Intersectionality is ever-present in Fray. As Bryan-Wilson challenges binaries like associations of textiles with women rather than men or the split between craft and fine art (with the former seen as inferior), she facilitates a broader understanding of the ubiquitous nature of textiles by drawing attention to contradictory examples and marginalized voices. She is drawn to those who blur boundaries like queer black artist Ramekon O'Arwister, who invites passersby to help make whorls (evocative of sea creatures, in my opinion) in the ongoing participatory performance, Crochet Jam. As a nod to the female family members who taught him to crochet, it is a collaboration of sorts over time in addition to being a present-day collaboration.

Bryan-Wilson observes, "...we are all de facto experts in textiles." Thus, it is appropriate that occasionally, she includes personal anecdotes such as: wearing her mother's t-shirt from the 1970s featuring the text, "Ladies' Sewing Circle and Terrorist Society" with an innocuous-looking floral design; seeing Chilean arpilleras (illegally stitched scenes of political life during the Pinochet era) in a maid's suitcase when she was a student abroad; and writing a friend from high school to ask if she had ever considered contributing a memorial rectangle for her father to the NAMES Project AIDS Memorial Quilt (1987-present). Her wry sense of humor also surfaces here and there, in expressing amazement at the innovatively costumed drag theatrical troupe from San Francisco, the Cockettes, bringing tinsel in their carry-on luggage; in choosing the heading, 'Harmony Hammond Goes Down' to reference the sexual connotations of the lesbian artist's painted rag rug sculptures; and in imagining Freudian language used in a woman-seeking-woman personal ad.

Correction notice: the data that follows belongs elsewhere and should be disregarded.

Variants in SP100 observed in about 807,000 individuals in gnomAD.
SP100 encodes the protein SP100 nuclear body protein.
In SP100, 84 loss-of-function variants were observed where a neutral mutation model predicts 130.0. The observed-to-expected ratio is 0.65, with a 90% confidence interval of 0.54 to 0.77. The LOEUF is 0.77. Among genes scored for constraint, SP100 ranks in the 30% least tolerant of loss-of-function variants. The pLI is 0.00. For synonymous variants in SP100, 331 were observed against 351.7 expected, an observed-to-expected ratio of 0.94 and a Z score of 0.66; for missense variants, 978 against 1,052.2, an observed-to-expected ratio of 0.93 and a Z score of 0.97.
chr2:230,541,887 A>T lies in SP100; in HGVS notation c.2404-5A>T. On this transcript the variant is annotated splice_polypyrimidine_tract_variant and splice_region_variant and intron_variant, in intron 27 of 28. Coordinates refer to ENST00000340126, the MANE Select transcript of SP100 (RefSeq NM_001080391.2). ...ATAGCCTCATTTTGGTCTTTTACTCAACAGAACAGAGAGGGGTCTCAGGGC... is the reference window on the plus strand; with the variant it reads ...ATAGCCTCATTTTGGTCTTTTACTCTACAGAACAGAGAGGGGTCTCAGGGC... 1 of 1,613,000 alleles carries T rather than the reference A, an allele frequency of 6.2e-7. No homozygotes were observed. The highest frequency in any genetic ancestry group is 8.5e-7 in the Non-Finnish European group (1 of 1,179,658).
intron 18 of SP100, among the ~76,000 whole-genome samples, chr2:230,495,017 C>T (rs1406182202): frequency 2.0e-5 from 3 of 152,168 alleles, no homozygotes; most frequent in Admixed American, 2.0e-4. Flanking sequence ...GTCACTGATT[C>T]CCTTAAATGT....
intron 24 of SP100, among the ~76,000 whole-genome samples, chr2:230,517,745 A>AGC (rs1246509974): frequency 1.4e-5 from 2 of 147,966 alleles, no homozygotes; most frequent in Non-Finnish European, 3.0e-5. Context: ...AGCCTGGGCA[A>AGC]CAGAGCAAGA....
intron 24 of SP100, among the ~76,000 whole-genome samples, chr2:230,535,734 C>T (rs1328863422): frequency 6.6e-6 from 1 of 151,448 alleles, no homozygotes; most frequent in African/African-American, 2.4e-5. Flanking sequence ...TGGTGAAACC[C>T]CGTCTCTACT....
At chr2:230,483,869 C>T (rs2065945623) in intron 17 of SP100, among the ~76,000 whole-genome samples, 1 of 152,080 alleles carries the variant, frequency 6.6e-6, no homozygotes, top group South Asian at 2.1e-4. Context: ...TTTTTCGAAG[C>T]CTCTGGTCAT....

Most of all, what I appreciated about this highly readable book was the visceral nature of Bryan-Wilson's writing--for example, describing cross-stitching as biting into a figure. I am unable to wield a needle at this point in my recovery--pity, because I have commented over the years that I feel most like myself when I sew. Reading Fray gave me that back to a degree as I could picture the manipulation of fabric, which I know is around the corner.

Thank-you to others who sent gifts and flowers, ran errands, visited, called, wrote, etc. as I convalesced. Now, onto year 2 of my recovery!

*When I named this blog, never in my wildest dreams did I imagine medical helicopters making the list of forms of transit about which I would write.